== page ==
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Free Radic Biol Med. 2002 Jun 15;32(12):1264-75.

The relationship between oxidative/nitrative stress and pathological inclusions in Alzheimer's and Parkinson's diseases.

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Center for Neurodegenerative Disease Research and Department of Pathology and Laboratory Medicine, The University of Pennsylvania, Philadelphia, PA 19104-4283, USA.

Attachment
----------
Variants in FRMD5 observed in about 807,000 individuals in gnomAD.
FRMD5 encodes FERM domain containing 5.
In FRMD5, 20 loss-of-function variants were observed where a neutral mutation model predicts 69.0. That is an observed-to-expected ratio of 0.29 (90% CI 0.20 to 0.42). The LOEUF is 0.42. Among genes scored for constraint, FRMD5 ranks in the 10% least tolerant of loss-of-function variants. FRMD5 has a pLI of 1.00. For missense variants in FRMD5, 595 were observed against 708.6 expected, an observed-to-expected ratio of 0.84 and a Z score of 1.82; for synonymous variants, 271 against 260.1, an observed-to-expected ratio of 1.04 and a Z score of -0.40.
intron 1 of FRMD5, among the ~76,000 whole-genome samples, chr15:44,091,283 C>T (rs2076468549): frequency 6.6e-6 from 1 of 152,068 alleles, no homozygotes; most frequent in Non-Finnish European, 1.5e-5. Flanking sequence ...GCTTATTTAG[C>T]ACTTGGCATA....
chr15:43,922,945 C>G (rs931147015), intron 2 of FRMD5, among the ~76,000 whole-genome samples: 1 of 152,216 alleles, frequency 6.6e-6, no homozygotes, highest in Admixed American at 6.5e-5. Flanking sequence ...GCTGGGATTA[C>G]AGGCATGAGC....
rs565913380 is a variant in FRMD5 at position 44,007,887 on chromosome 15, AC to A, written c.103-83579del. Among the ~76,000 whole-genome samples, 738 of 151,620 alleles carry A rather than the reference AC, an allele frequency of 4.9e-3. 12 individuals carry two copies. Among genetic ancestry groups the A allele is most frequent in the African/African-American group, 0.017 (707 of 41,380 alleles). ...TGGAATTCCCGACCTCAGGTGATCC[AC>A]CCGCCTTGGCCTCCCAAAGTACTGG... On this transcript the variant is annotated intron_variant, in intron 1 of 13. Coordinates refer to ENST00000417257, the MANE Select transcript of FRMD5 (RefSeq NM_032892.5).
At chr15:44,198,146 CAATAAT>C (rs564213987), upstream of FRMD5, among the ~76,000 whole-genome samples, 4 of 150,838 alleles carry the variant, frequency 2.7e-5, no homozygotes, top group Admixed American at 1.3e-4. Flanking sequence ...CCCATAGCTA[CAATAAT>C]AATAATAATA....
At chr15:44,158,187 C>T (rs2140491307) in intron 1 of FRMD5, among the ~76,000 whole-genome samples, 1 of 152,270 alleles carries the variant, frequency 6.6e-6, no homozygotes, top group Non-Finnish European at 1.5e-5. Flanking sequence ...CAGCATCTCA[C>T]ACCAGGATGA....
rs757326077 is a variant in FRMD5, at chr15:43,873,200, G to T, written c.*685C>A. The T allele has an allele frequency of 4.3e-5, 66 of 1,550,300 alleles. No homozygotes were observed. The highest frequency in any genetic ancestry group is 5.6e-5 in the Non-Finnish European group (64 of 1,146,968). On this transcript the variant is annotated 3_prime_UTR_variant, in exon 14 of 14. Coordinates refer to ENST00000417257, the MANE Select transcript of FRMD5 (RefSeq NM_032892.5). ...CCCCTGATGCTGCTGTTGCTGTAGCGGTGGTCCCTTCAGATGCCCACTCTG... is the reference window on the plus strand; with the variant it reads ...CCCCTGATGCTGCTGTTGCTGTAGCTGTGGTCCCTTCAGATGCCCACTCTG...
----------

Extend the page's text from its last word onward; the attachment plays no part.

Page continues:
Alzheimer's (AD) and Parkinson's diseases (PD) are late-onset neurodegenerative diseases that have tremendous impact on the lives of affected individuals, their families, and society as a whole. Remarkable efforts are being made to elucidate the dominant factors that result in the pathogenesis of these disorders. Extensive postmortem studies suggest that oxidative/nitrative stresses are prominent features of these diseases, and several animal models support this notion. Furthermore, it is likely that protein modifications resulting from oxidative/nitrative damage contribute to the formation of intracytoplasmic inclusions characteristic of each disease. The frequent presentation of both AD and PD in individuals and the co-occurrence of inclusions characteristic of AD and PD in several other neurodegenerative diseases suggests the involvement of a common underlying aberrant process. It can be surmised that oxidative/nitrative stress, which is cooperatively influenced by environmental factors, genetic predisposition, and senescence, may be a link between these disorders.

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